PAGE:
Guess what? He's not a brat. He's the most delightful, beautiful, challenging, and intelligent child who is 9 years old at my house. His struggles have been my struggles. His pain over being the outsider is my pain. I have been in countless hours of all kinds of therapy with him, and every bit of ground he's gained in learning how to be more "socially acceptable" brings tears to my eyes. He's a good kid---a good kid with a unique set of neurological issues that make life a little bit harder for him. And, I guess it makes life a little bit harder for those who "have" to be around him.

It's hard to have the kid who people roll their eyes about---they judge and judge and JUDGE. They tell you that you're doing it wrong---that this is all something that could be solved with a good spanking. You know what? Maybe it's the other parents, the family members, the "concerned" onlookers who need a time out. Maybe they need to educate themselves about neurological abnormalities that don't present as physical cues that there IS SOMETHING WRONG with a person.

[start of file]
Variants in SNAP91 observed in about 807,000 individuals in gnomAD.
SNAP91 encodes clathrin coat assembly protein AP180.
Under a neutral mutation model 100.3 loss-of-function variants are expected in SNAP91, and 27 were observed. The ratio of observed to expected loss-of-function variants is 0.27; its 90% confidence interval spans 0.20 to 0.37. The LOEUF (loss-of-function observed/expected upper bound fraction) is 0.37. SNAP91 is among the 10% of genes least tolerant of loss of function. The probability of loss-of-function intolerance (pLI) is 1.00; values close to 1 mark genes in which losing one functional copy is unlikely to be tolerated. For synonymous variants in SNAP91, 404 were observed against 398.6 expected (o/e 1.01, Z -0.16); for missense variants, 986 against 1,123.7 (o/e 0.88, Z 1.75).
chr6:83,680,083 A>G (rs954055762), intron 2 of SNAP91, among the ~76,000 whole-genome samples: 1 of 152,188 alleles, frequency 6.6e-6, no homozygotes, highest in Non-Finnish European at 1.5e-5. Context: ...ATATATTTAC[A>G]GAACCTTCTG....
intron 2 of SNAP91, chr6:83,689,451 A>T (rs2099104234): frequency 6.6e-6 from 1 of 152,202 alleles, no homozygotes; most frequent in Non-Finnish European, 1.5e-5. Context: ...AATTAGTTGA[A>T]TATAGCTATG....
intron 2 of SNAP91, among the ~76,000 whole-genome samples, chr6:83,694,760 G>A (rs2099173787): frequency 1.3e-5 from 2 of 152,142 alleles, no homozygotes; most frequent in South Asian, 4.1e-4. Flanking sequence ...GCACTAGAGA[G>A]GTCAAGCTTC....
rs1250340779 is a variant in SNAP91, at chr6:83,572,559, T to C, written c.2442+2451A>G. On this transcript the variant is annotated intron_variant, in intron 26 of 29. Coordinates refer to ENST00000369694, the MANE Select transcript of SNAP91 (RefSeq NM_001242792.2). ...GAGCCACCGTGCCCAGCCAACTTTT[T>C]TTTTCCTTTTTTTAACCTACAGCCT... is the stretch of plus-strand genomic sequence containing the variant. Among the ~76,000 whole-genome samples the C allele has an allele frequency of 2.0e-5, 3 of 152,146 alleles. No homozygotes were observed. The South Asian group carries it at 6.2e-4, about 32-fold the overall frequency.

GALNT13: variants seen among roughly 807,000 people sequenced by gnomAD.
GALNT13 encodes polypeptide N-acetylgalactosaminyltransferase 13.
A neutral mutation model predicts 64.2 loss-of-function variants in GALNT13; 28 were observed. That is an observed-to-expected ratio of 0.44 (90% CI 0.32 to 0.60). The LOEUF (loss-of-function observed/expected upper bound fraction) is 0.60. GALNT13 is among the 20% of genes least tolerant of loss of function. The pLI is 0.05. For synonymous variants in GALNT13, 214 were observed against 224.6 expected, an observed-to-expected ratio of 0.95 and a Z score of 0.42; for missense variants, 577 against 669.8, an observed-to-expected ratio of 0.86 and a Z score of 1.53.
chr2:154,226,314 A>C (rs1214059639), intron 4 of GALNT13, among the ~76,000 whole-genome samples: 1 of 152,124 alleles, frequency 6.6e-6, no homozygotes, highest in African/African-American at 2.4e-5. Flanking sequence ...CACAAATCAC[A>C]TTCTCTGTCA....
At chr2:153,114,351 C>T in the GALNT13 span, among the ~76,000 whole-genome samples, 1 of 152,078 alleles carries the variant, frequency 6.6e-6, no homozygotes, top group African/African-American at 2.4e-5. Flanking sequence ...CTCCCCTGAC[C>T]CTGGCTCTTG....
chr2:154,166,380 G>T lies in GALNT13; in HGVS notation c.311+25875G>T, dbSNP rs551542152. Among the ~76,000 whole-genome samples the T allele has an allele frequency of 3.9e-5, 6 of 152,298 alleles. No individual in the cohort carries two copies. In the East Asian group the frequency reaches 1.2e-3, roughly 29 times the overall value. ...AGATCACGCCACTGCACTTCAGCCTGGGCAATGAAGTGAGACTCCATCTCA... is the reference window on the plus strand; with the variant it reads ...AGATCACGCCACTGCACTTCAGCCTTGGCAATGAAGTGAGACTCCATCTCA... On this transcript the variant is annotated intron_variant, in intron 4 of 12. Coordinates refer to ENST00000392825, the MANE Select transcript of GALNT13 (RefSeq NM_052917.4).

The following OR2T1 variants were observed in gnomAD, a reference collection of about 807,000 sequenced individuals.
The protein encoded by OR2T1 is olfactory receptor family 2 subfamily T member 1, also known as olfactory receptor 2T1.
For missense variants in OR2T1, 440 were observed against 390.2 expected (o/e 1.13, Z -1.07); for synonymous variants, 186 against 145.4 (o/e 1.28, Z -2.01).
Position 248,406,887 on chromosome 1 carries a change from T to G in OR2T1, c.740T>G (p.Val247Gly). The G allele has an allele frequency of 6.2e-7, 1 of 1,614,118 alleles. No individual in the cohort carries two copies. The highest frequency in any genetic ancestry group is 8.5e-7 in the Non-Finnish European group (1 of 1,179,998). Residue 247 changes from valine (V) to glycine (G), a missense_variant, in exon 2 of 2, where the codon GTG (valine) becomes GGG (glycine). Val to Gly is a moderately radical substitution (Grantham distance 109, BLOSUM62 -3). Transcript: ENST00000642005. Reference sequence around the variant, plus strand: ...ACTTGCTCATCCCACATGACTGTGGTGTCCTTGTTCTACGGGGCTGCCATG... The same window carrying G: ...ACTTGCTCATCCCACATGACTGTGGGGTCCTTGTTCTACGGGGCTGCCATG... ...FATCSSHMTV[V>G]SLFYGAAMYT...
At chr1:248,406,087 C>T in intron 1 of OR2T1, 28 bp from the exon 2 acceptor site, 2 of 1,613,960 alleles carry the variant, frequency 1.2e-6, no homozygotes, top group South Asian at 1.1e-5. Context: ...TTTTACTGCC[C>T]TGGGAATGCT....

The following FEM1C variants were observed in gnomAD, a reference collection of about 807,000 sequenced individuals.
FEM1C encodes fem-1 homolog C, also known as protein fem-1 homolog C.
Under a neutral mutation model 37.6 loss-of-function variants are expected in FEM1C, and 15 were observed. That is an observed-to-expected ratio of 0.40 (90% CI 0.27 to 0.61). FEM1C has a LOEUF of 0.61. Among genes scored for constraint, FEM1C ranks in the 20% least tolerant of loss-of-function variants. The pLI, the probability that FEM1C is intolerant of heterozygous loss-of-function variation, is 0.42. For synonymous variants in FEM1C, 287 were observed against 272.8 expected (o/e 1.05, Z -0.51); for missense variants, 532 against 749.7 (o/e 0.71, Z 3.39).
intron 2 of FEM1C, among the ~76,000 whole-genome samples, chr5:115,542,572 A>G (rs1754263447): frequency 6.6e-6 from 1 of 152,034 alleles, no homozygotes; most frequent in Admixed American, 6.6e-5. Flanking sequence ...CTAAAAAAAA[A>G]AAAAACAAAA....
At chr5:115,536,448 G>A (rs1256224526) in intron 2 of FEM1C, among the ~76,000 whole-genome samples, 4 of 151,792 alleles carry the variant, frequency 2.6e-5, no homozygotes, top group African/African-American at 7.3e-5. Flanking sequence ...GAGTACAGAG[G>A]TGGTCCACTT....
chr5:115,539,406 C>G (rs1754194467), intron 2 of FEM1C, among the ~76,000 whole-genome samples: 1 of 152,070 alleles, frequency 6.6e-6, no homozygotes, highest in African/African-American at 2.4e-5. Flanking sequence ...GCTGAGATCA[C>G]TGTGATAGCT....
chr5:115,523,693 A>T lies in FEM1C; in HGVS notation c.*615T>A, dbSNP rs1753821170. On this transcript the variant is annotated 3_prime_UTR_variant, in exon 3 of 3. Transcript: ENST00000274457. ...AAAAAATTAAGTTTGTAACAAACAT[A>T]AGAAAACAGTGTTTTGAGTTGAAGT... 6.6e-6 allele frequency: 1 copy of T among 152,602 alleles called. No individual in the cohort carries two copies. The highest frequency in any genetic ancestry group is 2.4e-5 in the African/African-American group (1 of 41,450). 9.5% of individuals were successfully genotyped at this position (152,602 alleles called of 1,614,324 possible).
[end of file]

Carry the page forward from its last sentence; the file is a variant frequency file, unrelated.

In as much as a person has a right to protect their home and everything/one in it, I think they also have a responsibility to be a loving and understanding co-citizen of the planet: to think before they speak about that which they do not know. To consider speaking quietly to the offender's parent before giving them the heave ho or issuing ultimatums and threats.

Zero tolerance for zero tolerance may be a bit stronger than I'm willing to go, but I certainly have little tolerance for alleged friends and family members who are not willing to step outside of themselves enough to understand that not all children are wired the same. Friends and family are the ones who are supposed to rally around you when things are tough. They see your upset and don't further exploit it. They don't throw you out when the chips are down. I hear what you're saying Sarah, and I've felt the sting of similar situations. You're right--even if you didn't say it in so many words: we win with love, not with rejection.

but again, a parent who is ACTIVELY instructing/correcting/disciplining/CONTROLLING their child isn't going to be put out. that wouldn't make sense. but what WOULD make sense is a parent who is "out to lunch" while their child is running amuck would be untolerated. i see this happen all the time, and it's well deserved. others shouldn't have to put up with someone elses brat just because a) the parent thinks it's cute/funny b)the parent is clueless c)the parent likes the laid back approach.

i don't think parents are either one way or the other - (controlling and engaged or out to lunch). it's not so simple. life, love and parenting is complicated and there is much to consider in each moment.